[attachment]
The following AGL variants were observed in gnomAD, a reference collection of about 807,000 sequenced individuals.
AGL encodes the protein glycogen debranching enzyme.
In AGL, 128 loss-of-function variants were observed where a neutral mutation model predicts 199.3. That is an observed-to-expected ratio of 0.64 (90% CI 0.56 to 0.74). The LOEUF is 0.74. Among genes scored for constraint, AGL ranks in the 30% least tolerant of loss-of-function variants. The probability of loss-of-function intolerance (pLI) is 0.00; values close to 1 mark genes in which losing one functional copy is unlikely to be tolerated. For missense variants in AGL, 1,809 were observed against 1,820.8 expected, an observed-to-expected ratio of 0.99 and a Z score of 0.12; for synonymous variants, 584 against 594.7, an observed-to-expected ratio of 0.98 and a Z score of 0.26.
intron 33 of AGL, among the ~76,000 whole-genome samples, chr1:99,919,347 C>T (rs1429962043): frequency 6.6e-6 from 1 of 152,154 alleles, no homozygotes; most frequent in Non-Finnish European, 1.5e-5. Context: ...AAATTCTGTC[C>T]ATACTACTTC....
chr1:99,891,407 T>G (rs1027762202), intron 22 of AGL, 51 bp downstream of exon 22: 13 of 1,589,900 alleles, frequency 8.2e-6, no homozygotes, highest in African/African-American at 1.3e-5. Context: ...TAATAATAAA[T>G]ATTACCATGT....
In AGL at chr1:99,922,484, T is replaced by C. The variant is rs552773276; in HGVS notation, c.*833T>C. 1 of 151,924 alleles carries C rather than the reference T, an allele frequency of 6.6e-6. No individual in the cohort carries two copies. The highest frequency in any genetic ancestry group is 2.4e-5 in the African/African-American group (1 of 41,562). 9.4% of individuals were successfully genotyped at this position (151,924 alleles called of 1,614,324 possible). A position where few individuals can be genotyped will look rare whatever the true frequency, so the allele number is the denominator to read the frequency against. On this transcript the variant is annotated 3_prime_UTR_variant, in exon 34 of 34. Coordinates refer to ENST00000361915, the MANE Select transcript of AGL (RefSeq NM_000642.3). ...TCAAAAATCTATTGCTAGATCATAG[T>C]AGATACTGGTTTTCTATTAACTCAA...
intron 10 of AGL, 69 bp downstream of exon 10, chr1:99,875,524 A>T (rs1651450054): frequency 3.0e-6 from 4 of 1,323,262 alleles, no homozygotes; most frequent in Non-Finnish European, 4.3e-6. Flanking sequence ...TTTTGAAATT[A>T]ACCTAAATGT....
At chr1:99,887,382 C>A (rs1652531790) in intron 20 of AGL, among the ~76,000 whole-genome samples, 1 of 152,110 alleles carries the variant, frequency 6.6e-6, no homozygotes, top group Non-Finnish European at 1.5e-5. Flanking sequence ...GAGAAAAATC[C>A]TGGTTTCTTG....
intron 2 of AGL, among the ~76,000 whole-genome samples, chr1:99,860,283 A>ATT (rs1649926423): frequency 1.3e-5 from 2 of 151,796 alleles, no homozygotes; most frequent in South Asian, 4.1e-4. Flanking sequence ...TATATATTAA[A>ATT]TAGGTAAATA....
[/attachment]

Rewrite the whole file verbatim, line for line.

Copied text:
The following AGL variants were observed in gnomAD, a reference collection of about 807,000 sequenced individuals.
AGL encodes the protein glycogen debranching enzyme.
In AGL, 128 loss-of-function variants were observed where a neutral mutation model predicts 199.3. That is an observed-to-expected ratio of 0.64 (90% CI 0.56 to 0.74). The LOEUF is 0.74. Among genes scored for constraint, AGL ranks in the 30% least tolerant of loss-of-function variants. The probability of loss-of-function intolerance (pLI) is 0.00; values close to 1 mark genes in which losing one functional copy is unlikely to be tolerated. For missense variants in AGL, 1,809 were observed against 1,820.8 expected, an observed-to-expected ratio of 0.99 and a Z score of 0.12; for synonymous variants, 584 against 594.7, an observed-to-expected ratio of 0.98 and a Z score of 0.26.
intron 33 of AGL, among the ~76,000 whole-genome samples, chr1:99,919,347 C>T (rs1429962043): frequency 6.6e-6 from 1 of 152,154 alleles, no homozygotes; most frequent in Non-Finnish European, 1.5e-5. Context: ...AAATTCTGTC[C>T]ATACTACTTC....
chr1:99,891,407 T>G (rs1027762202), intron 22 of AGL, 51 bp downstream of exon 22: 13 of 1,589,900 alleles, frequency 8.2e-6, no homozygotes, highest in African/African-American at 1.3e-5. Context: ...TAATAATAAA[T>G]ATTACCATGT....
In AGL at chr1:99,922,484, T is replaced by C. The variant is rs552773276; in HGVS notation, c.*833T>C. 1 of 151,924 alleles carries C rather than the reference T, an allele frequency of 6.6e-6. No individual in the cohort carries two copies. The highest frequency in any genetic ancestry group is 2.4e-5 in the African/African-American group (1 of 41,562). 9.4% of individuals were successfully genotyped at this position (151,924 alleles called of 1,614,324 possible). A position where few individuals can be genotyped will look rare whatever the true frequency, so the allele number is the denominator to read the frequency against. On this transcript the variant is annotated 3_prime_UTR_variant, in exon 34 of 34. Coordinates refer to ENST00000361915, the MANE Select transcript of AGL (RefSeq NM_000642.3). ...TCAAAAATCTATTGCTAGATCATAG[T>C]AGATACTGGTTTTCTATTAACTCAA...
intron 10 of AGL, 69 bp downstream of exon 10, chr1:99,875,524 A>T (rs1651450054): frequency 3.0e-6 from 4 of 1,323,262 alleles, no homozygotes; most frequent in Non-Finnish European, 4.3e-6. Flanking sequence ...TTTTGAAATT[A>T]ACCTAAATGT....
At chr1:99,887,382 C>A (rs1652531790) in intron 20 of AGL, among the ~76,000 whole-genome samples, 1 of 152,110 alleles carries the variant, frequency 6.6e-6, no homozygotes, top group Non-Finnish European at 1.5e-5. Flanking sequence ...GAGAAAAATC[C>A]TGGTTTCTTG....
intron 2 of AGL, among the ~76,000 whole-genome samples, chr1:99,860,283 A>ATT (rs1649926423): frequency 1.3e-5 from 2 of 151,796 alleles, no homozygotes; most frequent in South Asian, 4.1e-4. Flanking sequence ...TATATATTAA[A>ATT]TAGGTAAATA....